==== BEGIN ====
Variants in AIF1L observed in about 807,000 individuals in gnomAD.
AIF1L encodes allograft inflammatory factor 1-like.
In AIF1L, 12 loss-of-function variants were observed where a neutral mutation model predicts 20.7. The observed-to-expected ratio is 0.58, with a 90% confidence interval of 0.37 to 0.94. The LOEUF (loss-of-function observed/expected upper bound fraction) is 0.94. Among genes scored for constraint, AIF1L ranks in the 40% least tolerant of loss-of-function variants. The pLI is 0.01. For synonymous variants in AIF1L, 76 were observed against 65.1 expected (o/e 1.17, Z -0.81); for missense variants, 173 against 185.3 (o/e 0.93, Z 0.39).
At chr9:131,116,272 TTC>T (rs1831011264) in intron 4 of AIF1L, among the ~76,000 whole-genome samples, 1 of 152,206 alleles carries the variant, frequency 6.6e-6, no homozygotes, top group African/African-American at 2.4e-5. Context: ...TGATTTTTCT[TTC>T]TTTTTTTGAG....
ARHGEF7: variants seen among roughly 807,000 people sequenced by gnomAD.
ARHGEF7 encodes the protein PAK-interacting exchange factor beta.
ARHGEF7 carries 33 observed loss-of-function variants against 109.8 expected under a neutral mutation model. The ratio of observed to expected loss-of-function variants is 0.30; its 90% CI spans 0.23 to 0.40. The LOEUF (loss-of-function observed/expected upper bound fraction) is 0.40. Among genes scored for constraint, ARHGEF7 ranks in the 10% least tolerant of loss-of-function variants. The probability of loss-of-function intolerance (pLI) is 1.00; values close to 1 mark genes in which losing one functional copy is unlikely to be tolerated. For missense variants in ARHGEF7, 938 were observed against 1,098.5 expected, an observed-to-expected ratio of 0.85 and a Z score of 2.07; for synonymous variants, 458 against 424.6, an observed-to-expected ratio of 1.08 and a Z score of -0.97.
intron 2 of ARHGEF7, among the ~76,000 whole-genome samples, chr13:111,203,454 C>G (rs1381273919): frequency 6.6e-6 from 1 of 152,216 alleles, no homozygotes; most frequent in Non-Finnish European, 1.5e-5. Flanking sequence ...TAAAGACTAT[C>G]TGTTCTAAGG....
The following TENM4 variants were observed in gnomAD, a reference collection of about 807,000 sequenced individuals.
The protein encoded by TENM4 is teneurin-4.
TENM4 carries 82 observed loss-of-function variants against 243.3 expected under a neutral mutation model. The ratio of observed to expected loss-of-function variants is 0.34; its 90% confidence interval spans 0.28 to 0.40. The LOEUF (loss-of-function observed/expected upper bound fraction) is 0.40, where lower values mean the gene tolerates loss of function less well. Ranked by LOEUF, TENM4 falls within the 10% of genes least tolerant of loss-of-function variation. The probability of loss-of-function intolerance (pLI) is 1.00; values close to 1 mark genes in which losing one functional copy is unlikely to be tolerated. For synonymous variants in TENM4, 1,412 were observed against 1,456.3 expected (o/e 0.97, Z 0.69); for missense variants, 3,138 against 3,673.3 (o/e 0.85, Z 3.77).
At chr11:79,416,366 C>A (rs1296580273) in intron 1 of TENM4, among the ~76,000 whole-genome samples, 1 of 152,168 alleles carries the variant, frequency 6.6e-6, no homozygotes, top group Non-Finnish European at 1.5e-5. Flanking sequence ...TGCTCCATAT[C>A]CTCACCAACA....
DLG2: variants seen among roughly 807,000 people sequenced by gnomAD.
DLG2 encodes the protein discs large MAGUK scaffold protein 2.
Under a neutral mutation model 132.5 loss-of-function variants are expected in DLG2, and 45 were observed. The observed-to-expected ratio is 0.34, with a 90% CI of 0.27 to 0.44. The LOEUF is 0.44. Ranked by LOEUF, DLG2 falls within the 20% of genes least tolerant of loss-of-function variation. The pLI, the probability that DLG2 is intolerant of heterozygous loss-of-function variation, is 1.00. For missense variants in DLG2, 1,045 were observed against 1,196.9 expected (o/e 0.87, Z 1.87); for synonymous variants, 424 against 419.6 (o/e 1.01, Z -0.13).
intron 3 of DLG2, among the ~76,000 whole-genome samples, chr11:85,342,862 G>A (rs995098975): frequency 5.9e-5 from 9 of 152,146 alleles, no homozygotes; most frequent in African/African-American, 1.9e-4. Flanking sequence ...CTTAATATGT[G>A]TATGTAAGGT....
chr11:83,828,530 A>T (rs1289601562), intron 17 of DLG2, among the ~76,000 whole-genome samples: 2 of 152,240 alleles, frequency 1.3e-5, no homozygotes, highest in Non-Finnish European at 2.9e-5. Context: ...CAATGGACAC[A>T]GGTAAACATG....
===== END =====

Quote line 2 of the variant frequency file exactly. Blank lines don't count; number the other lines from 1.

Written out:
AIF1L encodes allograft inflammatory factor 1-like.